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. Last Updated: 07/27/2016

Analysts: No All-Out War in Croatia

ZAGREB -- Croatia may suffer random rocket strikes after seizing back a rebel Serb enclave but the Serbs' declining strategic situation makes all-out war unlikely.

The Croatian army Tuesday recaptured the breakaway Serb territory of Western Slavonia which straddles a cross-country motorway and railway between Zagreb and eastern Croatia.

It was Zagreb's first significant victory over minority Krajina Serbs who overran almost a third of Croatia in a 1991 uprising against its secession from Yugoslavia, shifting the focus of the war to Bosnia.

But the Serbs have exacted terrifying vengeance, firing 10 long-range rockets into the Croatian capital Tuesday and Wednesday, killing six people and wounding almost 200.

They were unleashed from mobile launchers in another, more entrenched Serb enclave 50 kilometers southwest of Zagreb, well away from the Slavonia region.

Long-range, heavy weapons aimed at Croatian towns are the edge the under-manned Serbs retain over the Croatian army which has been vastly strengthened since 1991.

Analysts say the Krajina Serbs could now declare an open season of terror from the skies against these civilian targets, the beating heart of Croatia's reviving economy.

But the Serbs' loss of isolated Western Slavonia does not menace their enclave as a whole -- its eastern and western pockets are stoutly defended with excellent supply lines and diplomats doubt the Krajina Serbs would want to goad Croatia into a wider war they are ill-equipped to fight.

Croatia calculates the rocket threat will fade, as they predict Slavonia's loss will bolster moderates seeking accommodation with Zagreb over Krajina hardliners who thrive on a state of siege.

U.S. Ambassador Peter Galbraith said Krajina's moderate prime minister was on his way to Zagreb for talks when the rockets struck, probably on the orders of the ultra nationalist president Milan Martic. Galbraith believed the hardliners could be reined in by Serbian President Slobodan Milosevic who is keen to have a punitive UN oil and trade embargo repealed.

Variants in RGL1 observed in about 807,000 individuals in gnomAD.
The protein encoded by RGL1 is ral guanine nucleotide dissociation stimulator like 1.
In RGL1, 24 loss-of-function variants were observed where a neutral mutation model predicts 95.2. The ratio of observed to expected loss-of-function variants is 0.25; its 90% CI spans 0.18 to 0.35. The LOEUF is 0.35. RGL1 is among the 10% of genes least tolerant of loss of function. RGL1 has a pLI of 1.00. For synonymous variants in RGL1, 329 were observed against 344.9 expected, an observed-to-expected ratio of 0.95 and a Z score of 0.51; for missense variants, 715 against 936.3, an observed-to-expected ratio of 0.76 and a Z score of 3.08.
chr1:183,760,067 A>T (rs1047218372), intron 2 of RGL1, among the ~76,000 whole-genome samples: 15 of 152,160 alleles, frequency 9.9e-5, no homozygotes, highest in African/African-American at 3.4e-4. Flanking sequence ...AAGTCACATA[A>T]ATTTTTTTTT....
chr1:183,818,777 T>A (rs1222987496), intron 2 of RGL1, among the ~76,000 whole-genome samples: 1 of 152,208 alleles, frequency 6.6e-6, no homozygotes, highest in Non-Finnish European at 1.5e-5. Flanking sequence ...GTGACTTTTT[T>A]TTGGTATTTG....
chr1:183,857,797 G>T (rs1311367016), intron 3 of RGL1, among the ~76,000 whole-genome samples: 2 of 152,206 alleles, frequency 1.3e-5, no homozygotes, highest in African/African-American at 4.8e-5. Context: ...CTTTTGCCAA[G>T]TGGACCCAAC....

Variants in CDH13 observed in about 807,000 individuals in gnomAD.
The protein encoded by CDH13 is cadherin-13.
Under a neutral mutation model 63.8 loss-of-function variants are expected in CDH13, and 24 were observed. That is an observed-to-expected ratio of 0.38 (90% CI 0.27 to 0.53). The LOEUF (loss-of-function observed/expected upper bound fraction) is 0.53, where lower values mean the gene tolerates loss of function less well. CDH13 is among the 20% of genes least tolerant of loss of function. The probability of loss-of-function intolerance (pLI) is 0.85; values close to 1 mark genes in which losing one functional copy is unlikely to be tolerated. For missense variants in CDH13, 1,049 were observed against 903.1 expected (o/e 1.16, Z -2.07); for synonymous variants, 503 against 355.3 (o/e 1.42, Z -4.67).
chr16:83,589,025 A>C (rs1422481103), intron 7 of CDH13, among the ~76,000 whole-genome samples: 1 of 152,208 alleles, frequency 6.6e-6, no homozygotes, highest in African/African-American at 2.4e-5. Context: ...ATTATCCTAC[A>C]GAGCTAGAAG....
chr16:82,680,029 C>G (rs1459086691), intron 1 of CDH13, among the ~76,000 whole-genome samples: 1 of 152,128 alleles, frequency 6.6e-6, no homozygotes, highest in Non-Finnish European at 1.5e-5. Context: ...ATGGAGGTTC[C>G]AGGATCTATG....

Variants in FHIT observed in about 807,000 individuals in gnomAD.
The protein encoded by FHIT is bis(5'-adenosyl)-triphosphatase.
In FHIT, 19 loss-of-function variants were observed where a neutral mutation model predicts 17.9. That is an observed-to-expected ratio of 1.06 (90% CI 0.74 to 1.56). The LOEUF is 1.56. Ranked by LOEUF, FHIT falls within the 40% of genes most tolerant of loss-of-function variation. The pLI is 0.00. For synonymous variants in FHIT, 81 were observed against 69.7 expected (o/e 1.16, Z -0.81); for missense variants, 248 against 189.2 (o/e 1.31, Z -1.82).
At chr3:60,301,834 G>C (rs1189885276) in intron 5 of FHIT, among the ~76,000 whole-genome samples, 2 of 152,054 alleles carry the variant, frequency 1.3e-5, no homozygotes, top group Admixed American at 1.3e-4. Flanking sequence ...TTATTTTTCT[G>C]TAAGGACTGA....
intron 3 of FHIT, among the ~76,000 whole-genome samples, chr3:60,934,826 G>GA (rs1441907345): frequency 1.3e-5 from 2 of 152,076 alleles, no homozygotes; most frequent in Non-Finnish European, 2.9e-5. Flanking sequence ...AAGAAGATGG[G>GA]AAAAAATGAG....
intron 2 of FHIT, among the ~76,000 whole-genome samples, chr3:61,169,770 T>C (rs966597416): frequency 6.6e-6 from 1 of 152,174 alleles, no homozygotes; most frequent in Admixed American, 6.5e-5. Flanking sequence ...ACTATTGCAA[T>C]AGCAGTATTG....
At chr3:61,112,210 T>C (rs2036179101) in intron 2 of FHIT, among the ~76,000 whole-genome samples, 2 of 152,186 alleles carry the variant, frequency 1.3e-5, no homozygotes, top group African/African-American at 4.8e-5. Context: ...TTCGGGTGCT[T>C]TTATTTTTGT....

"Our feeling is President Milosevic does not wish to see a full-scale war in Croatia. Indeed, the Krajina Serb leadership that undertook these [rocket] attacks is operating very much on its own and therefore very much at its own peril," he said. Mario Nobilo, Croatian ambassador to the United Nations, said Zagreb's offensive was intended only to regain control of the E-70 motorway and no wider war was planned.

The Croatian government, fending off strong Western condemnation of its offensive, issued statements promising equal rights to "Croatian citizens of Serb nationality" in Slavonia.

Nobilo said after Monday's rocket barrage Croatia would not retaliate but if such attacks continued, would consider "surgical strikes" at Serb pockets with rocket batteries.

Western governments have long feared that almost any incident in either Croatia or Bosnia could be the trigger leading to a wider war in the region despite intensive UN mediation.

However, Western Slavonia was inhabited by only 15,000 Serbs and of value simply as a bargaining chip with Croatia.

Significantly, Krajina militia offered little resistance to the Croatian pincer attack from east and west, many fleeing a few kilometers to sanctuary across the Sava river in Serb-held Bosnia.

At the same time, the Bosnian Serbs did not lift a finger to rescue Slavonia from the Croatian tide. They are bogged down against a resurgent Bosnian government army and struggling with acute fuel and manpower shortages.

Croatia can probably avert a international diplomatic backlash if it restrains its soldiers and Croatian refugees from settling scores with Serbs left in Western Slavonia.

But this may be difficult in the flush of a triumph that has been eagerly sought since 1991. However, if normality returns to Slavonia, diplomats say the UN could not impose sanctions on Croatia for acting to reunify its internationally recognised territory.